Live Your Dream report: Gary Sorcher sends his Hueco project
Connecticut boulderer Gary Sorcher was awarded a Live Your Dream grant to help cover his travel costs to Hueco Tanks this past winter so he could work on his dream project: Baby Face (V7). Below is Gary’s report from the field.
When I found out that I had been awarded a Live Your Dream Grant from the American Alpine Club, I was extremely excited, of course. But I was also a bit confused. I don’t crush super hard. I am not trying to put up first ascents in the Hueco backcountry. My dream was simple, and essentially this:
There had to be some sort of catch, right? No catch. I am extremely grateful to the American Alpine Club for this grant that has allowed me to put climbing at the top of my to-do list. For most of December, I get to be outside all day, every day and focus on climbing.
I have been in Hueco for almost two weeks now, and it feels like I have been on a classics tour the whole time. Every single day, I go out and discover new problems and think that it can’t get any better. And every day I go out there, it does. These classics come in all shapes and sizes, from the long and pumpy Ghetto Simulator (V2) to the tall and scary See Spot Run (V6) and all the roofs in between like Moonshine (V4) and Girls of Juarez (V4), I have been loving it all. And despite my shredded skin, I even managed to send New Religion (V7) which is the first of its grade I have climbed yet. And at the end of the day, I get to watch the sun go down over the desert.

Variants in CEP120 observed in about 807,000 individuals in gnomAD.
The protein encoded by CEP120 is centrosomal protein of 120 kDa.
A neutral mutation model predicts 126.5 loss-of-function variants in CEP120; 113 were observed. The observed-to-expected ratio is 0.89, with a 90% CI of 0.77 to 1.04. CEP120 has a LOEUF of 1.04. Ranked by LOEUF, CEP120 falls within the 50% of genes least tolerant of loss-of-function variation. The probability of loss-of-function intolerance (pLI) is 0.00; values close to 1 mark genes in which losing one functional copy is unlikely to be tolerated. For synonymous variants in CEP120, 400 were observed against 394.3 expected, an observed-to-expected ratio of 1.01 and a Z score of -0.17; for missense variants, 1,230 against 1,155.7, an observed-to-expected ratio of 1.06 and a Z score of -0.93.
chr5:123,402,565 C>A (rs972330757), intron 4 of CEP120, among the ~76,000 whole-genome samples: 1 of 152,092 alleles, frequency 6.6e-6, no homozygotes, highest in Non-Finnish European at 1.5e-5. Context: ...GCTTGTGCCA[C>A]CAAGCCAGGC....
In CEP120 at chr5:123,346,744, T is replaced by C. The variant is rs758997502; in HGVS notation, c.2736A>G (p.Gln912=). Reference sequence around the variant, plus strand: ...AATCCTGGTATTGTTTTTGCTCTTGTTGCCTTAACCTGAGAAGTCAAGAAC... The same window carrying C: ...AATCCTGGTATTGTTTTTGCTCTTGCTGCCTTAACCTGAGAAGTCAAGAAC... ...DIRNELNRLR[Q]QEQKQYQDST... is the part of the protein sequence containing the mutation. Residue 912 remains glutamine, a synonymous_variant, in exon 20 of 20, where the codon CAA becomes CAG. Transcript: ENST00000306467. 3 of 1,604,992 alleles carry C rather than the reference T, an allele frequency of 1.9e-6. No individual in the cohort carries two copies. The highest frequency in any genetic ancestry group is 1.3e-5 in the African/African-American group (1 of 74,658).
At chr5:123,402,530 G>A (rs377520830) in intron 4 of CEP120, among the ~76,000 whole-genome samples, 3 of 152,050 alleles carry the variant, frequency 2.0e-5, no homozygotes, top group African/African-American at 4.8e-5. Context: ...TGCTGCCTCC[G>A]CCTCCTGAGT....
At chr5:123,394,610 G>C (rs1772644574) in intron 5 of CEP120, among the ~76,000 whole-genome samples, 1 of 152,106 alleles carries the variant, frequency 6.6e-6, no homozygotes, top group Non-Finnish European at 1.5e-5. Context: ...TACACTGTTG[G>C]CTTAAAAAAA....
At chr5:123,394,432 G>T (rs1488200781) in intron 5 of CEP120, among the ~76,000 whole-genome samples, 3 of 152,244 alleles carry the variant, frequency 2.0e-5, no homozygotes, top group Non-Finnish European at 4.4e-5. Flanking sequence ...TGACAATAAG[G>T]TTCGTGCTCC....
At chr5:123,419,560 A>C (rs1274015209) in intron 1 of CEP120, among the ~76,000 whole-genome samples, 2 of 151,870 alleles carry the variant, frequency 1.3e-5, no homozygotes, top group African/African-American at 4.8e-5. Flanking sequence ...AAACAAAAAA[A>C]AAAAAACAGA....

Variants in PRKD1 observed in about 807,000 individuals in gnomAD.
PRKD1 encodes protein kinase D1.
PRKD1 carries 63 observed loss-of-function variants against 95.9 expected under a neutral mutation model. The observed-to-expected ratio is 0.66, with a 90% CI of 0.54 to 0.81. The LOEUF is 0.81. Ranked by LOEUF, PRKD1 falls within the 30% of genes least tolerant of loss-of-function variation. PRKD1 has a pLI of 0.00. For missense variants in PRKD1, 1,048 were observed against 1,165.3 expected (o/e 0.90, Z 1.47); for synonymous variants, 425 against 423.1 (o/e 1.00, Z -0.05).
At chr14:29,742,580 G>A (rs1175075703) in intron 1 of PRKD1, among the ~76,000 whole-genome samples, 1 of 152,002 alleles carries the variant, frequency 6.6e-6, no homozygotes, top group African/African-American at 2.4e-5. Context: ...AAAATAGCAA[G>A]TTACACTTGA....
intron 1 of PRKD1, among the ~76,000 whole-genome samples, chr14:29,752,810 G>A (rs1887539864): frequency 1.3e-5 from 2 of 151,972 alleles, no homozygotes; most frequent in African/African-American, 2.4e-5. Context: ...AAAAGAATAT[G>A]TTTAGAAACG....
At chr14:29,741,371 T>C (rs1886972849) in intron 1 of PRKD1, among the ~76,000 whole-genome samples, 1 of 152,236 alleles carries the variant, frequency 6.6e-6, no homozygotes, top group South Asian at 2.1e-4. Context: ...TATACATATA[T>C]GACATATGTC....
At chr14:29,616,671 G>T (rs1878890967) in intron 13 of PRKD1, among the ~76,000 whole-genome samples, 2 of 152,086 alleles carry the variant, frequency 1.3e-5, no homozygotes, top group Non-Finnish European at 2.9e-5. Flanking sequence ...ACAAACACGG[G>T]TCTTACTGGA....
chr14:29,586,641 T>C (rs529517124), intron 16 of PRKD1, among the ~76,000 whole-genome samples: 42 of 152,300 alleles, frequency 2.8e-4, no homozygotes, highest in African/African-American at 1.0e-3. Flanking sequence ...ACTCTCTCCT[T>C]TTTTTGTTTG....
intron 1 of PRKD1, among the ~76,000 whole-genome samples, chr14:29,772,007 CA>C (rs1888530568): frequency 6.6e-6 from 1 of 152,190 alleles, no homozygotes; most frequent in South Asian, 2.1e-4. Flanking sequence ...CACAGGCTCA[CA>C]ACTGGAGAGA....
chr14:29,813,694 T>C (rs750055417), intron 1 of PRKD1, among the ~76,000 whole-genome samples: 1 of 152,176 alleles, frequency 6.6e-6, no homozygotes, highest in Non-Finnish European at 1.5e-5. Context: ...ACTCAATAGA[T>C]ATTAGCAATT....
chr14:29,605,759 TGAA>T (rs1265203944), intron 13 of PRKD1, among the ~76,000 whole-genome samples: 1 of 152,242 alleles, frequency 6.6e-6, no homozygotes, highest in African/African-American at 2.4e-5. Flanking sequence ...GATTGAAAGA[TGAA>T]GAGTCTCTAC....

Mostly, I am humbled and honored to climb with the people who make up the Hueco Tanks climbing community. Whether I am out with climbers who are in town for the weekend or local Hueco legends, I always feel supported and accepted.
I have a little less than one week left to climb here. Yesterday, I sent my project, Baby Face (V7). I was extremely psyched that I was able to complete this climb despite its intimidating arete and my chossy labrum. For the rest of this week, I hope to continue the classics tour of Hueco and to spend each day playing on rocks in the Texas sunshine.
For now, it’s time for me to go back to my home at the Hueco Rock Ranch:
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